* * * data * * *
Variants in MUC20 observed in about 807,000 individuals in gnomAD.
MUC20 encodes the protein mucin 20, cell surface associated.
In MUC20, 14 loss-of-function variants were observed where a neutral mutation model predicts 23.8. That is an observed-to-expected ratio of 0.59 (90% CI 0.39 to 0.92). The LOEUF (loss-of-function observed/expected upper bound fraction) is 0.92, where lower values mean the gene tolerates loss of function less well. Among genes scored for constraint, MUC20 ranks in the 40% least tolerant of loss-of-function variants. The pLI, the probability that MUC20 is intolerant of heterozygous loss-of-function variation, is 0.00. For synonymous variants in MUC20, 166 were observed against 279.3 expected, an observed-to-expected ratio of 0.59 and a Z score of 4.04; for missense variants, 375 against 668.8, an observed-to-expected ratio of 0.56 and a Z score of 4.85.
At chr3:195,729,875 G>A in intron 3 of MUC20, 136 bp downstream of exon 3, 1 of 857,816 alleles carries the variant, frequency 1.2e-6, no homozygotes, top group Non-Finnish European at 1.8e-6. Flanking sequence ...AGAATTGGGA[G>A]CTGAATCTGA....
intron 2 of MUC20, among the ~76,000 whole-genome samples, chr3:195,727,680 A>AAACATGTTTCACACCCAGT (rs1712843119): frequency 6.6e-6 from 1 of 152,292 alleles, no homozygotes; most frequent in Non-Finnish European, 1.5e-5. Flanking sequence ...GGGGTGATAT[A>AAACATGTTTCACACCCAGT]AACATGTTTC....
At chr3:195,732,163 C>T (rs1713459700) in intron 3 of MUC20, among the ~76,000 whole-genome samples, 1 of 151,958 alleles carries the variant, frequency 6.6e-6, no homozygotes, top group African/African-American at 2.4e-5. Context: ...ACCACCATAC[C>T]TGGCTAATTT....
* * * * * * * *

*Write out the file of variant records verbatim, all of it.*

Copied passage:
Variants in MUC20 observed in about 807,000 individuals in gnomAD.
MUC20 encodes the protein mucin 20, cell surface associated.
In MUC20, 14 loss-of-function variants were observed where a neutral mutation model predicts 23.8. That is an observed-to-expected ratio of 0.59 (90% CI 0.39 to 0.92). The LOEUF (loss-of-function observed/expected upper bound fraction) is 0.92, where lower values mean the gene tolerates loss of function less well. Among genes scored for constraint, MUC20 ranks in the 40% least tolerant of loss-of-function variants. The pLI, the probability that MUC20 is intolerant of heterozygous loss-of-function variation, is 0.00. For synonymous variants in MUC20, 166 were observed against 279.3 expected, an observed-to-expected ratio of 0.59 and a Z score of 4.04; for missense variants, 375 against 668.8, an observed-to-expected ratio of 0.56 and a Z score of 4.85.
At chr3:195,729,875 G>A in intron 3 of MUC20, 136 bp downstream of exon 3, 1 of 857,816 alleles carries the variant, frequency 1.2e-6, no homozygotes, top group Non-Finnish European at 1.8e-6. Flanking sequence ...AGAATTGGGA[G>A]CTGAATCTGA....
intron 2 of MUC20, among the ~76,000 whole-genome samples, chr3:195,727,680 A>AAACATGTTTCACACCCAGT (rs1712843119): frequency 6.6e-6 from 1 of 152,292 alleles, no homozygotes; most frequent in Non-Finnish European, 1.5e-5. Flanking sequence ...GGGGTGATAT[A>AAACATGTTTCACACCCAGT]AACATGTTTC....
At chr3:195,732,163 C>T (rs1713459700) in intron 3 of MUC20, among the ~76,000 whole-genome samples, 1 of 151,958 alleles carries the variant, frequency 6.6e-6, no homozygotes, top group African/African-American at 2.4e-5. Context: ...ACCACCATAC[C>T]TGGCTAATTT....